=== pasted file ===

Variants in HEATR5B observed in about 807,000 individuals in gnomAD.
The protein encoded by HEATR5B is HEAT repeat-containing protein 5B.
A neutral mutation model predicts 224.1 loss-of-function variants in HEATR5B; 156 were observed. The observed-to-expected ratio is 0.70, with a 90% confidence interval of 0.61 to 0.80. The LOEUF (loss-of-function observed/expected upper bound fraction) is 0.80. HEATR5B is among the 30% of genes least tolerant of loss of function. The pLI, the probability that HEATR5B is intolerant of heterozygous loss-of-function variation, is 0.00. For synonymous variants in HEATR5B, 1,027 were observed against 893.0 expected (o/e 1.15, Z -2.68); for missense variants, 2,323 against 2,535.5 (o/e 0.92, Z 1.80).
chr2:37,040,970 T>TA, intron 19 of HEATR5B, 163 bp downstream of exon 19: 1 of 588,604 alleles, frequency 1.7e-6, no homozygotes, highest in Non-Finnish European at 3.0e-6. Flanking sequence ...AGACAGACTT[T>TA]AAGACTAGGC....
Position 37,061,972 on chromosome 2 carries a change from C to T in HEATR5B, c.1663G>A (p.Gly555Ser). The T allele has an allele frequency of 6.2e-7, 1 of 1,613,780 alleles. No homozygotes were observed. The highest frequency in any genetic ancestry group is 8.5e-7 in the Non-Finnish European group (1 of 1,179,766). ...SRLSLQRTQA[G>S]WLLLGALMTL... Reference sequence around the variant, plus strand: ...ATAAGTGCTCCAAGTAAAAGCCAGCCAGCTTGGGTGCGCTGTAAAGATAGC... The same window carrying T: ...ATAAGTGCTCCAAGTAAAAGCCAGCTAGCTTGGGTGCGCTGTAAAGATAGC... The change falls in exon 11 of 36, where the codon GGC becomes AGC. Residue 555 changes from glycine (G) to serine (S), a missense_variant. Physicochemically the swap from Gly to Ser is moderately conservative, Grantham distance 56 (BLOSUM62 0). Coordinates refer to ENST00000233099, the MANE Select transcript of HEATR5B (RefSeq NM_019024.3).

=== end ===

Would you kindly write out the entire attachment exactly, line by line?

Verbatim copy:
Variants in HEATR5B observed in about 807,000 individuals in gnomAD.
The protein encoded by HEATR5B is HEAT repeat-containing protein 5B.
A neutral mutation model predicts 224.1 loss-of-function variants in HEATR5B; 156 were observed. The observed-to-expected ratio is 0.70, with a 90% confidence interval of 0.61 to 0.80. The LOEUF (loss-of-function observed/expected upper bound fraction) is 0.80. HEATR5B is among the 30% of genes least tolerant of loss of function. The pLI, the probability that HEATR5B is intolerant of heterozygous loss-of-function variation, is 0.00. For synonymous variants in HEATR5B, 1,027 were observed against 893.0 expected (o/e 1.15, Z -2.68); for missense variants, 2,323 against 2,535.5 (o/e 0.92, Z 1.80).
chr2:37,040,970 T>TA, intron 19 of HEATR5B, 163 bp downstream of exon 19: 1 of 588,604 alleles, frequency 1.7e-6, no homozygotes, highest in Non-Finnish European at 3.0e-6. Flanking sequence ...AGACAGACTT[T>TA]AAGACTAGGC....
Position 37,061,972 on chromosome 2 carries a change from C to T in HEATR5B, c.1663G>A (p.Gly555Ser). The T allele has an allele frequency of 6.2e-7, 1 of 1,613,780 alleles. No homozygotes were observed. The highest frequency in any genetic ancestry group is 8.5e-7 in the Non-Finnish European group (1 of 1,179,766). ...SRLSLQRTQA[G>S]WLLLGALMTL... Reference sequence around the variant, plus strand: ...ATAAGTGCTCCAAGTAAAAGCCAGCCAGCTTGGGTGCGCTGTAAAGATAGC... The same window carrying T: ...ATAAGTGCTCCAAGTAAAAGCCAGCTAGCTTGGGTGCGCTGTAAAGATAGC... The change falls in exon 11 of 36, where the codon GGC becomes AGC. Residue 555 changes from glycine (G) to serine (S), a missense_variant. Physicochemically the swap from Gly to Ser is moderately conservative, Grantham distance 56 (BLOSUM62 0). Coordinates refer to ENST00000233099, the MANE Select transcript of HEATR5B (RefSeq NM_019024.3).